Jack be agile, Jack be quick

In his foreword to Jim Highsmith's Agile Software Development Ecosystems, Tom DeMarco calls the 1990s the decade of process for IT. It was the decade of the Capability Maturity Model (CMM) and ISO requirements. But by the time these rigorous software methodologies (RSMs) finally became standard practice, they no longer worked.

Why did this happen? The business environment changed. RSMs emphasized up-front planning and design, leaving little room for flexibility and -- dare I say -- innovation. RSMs might produce software that meets specifications, but by the time the software is in place, it may no longer be what the customer needs.

To meet the needs of today's business environment, software's leading lights developed several new development processes. The goal of these methodologies -- all part of the Agile Software Development movement -- is to not only develop good code, but to be more flexible in meeting customer needs. Because these techniques rely on the interaction of developers, customers, processes and tools, author Highsmith chooses to call them agile software development ecologies (ASDEs) instead of simply processes or methodologies.

I didn't like this terminology at first and was tempted to write it off as yet another buzzword. But I changed my mind as I read the book. Ecosystem is the right word for agile software development methodologies. Engineers design processes to produce repeatable results, which is true whether you are building personal computers or making batches of concrete.

Software development is much more complex than making batches of concrete, however. It is heavily dependent on the business climate, as well as the cultures of the customer and the development team. To get good results, managers must manipulate the environment as much as the inputs. When you look at it this way, you can see why the term ''ecosystem'' is more appropriate than ''process'' or ''methodology.''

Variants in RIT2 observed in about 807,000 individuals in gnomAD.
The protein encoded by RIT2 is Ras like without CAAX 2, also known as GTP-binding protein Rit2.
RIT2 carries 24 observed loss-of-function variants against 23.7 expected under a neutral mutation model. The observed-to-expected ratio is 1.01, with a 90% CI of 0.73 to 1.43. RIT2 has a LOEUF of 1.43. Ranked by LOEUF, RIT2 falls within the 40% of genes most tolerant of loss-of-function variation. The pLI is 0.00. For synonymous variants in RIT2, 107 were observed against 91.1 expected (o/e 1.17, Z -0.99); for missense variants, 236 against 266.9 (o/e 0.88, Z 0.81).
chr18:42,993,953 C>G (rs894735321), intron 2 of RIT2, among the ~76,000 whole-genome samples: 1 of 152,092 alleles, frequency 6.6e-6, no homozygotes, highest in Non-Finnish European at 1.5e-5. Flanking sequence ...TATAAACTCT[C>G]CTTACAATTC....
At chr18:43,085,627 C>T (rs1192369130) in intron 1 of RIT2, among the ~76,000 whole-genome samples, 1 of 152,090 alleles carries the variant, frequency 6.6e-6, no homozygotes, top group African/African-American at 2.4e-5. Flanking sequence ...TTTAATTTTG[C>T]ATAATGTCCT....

Highsmith covers all of the major ASDEs, including Scrum, Dynamic Systems Development Method, Crystal Methods, Feature-Driven Development, Lean Development, Extreme Programming and Adaptive Software Development. In each case, he interviews one of the movers and shakers of the movement and gives a case study of a company using the ASDE.

Instead of dryly defining the various ASDEs, Highsmith interviews people and tells their stories. This is consistent with the philosophy of agile software development. The people involved are more than just nameless agents performing tasks -- they bring unique experiences and outlooks to the development effort. And it is by recognizing and working with these experiences and outlooks that managers will get the best results from their development teams.

Highsmith also includes a section devoted to helping readers develop their own ASDEs. Realizing that agile software development is not a ''one size fits all'' kind of thing, he gives some practical advice for adapting the features of the different ASDEs to your situation.

Agile Software Development Ecosystems , by Jim Highsmith; Addison-Wesley Professional; Boston, 2002.

About the Author

Dan Romanchik is an engineering manager turned writer and Web developer. His current passion is amateur radio. You can read his amateur radio blog at


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